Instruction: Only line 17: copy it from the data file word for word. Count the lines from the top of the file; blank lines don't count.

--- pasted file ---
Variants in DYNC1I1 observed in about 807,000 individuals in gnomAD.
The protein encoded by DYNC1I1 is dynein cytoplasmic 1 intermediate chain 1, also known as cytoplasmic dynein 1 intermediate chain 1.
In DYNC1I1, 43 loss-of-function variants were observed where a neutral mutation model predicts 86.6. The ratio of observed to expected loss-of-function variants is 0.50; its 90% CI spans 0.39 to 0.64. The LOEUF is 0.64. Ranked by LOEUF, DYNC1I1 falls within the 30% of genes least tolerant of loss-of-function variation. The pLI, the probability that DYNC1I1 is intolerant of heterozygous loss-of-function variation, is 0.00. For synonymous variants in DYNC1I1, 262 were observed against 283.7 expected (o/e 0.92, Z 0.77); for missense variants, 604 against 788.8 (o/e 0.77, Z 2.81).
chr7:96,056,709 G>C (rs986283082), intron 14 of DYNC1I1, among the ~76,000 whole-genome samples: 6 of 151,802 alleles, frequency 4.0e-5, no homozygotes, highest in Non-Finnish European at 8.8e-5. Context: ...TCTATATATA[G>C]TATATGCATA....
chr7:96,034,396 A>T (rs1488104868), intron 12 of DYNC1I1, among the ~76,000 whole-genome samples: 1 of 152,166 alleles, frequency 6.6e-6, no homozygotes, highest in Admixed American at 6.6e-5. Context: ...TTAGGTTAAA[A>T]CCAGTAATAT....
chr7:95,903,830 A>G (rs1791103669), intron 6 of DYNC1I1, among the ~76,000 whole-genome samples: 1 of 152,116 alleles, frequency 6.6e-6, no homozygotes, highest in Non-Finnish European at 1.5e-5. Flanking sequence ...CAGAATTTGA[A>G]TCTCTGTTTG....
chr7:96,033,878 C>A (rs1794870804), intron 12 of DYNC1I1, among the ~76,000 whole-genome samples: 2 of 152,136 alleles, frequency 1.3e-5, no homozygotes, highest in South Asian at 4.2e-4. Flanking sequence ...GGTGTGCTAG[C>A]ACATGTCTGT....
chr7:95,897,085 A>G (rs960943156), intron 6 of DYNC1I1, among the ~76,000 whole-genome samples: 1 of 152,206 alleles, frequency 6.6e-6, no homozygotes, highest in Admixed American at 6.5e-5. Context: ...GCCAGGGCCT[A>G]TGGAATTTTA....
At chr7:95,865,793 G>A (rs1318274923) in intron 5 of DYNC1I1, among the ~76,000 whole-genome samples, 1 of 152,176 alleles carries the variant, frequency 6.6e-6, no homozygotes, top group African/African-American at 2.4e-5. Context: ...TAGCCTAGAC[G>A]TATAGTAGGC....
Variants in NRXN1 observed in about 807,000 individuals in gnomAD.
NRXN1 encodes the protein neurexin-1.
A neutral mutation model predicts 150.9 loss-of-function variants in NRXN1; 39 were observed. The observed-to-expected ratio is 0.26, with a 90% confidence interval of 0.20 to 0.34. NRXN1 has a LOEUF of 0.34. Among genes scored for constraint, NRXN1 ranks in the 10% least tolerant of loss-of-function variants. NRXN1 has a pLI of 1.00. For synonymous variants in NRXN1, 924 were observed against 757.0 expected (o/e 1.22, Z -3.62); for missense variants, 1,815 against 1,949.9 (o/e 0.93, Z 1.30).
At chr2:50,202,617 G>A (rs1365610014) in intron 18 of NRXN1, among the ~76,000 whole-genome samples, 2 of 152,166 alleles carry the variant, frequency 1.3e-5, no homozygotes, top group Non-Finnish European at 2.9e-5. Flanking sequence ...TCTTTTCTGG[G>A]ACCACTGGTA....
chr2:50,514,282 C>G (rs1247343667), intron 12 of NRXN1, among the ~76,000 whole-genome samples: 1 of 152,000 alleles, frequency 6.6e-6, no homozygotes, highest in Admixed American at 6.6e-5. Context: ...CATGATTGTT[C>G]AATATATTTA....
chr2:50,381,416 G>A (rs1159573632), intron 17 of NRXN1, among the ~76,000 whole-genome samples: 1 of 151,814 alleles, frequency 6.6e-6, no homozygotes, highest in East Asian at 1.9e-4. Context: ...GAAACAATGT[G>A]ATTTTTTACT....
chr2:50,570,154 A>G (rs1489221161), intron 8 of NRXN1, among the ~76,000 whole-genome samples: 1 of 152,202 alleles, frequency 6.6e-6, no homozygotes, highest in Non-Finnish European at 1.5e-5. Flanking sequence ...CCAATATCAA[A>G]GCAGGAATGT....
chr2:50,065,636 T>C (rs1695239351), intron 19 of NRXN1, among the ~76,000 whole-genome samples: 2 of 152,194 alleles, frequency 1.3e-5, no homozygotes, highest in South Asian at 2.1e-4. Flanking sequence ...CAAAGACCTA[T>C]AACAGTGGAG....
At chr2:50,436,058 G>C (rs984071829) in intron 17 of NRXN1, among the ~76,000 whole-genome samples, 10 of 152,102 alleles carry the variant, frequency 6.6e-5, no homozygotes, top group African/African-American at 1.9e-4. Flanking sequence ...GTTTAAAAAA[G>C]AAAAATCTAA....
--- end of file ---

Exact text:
chr2:50,065,636 T>C (rs1695239351), intron 19 of NRXN1, among the ~76,000 whole-genome samples: 2 of 152,194 alleles, frequency 1.3e-5, no homozygotes, highest in South Asian at 2.1e-4. Flanking sequence ...CAAAGACCTA[T>C]AACAGTGGAG....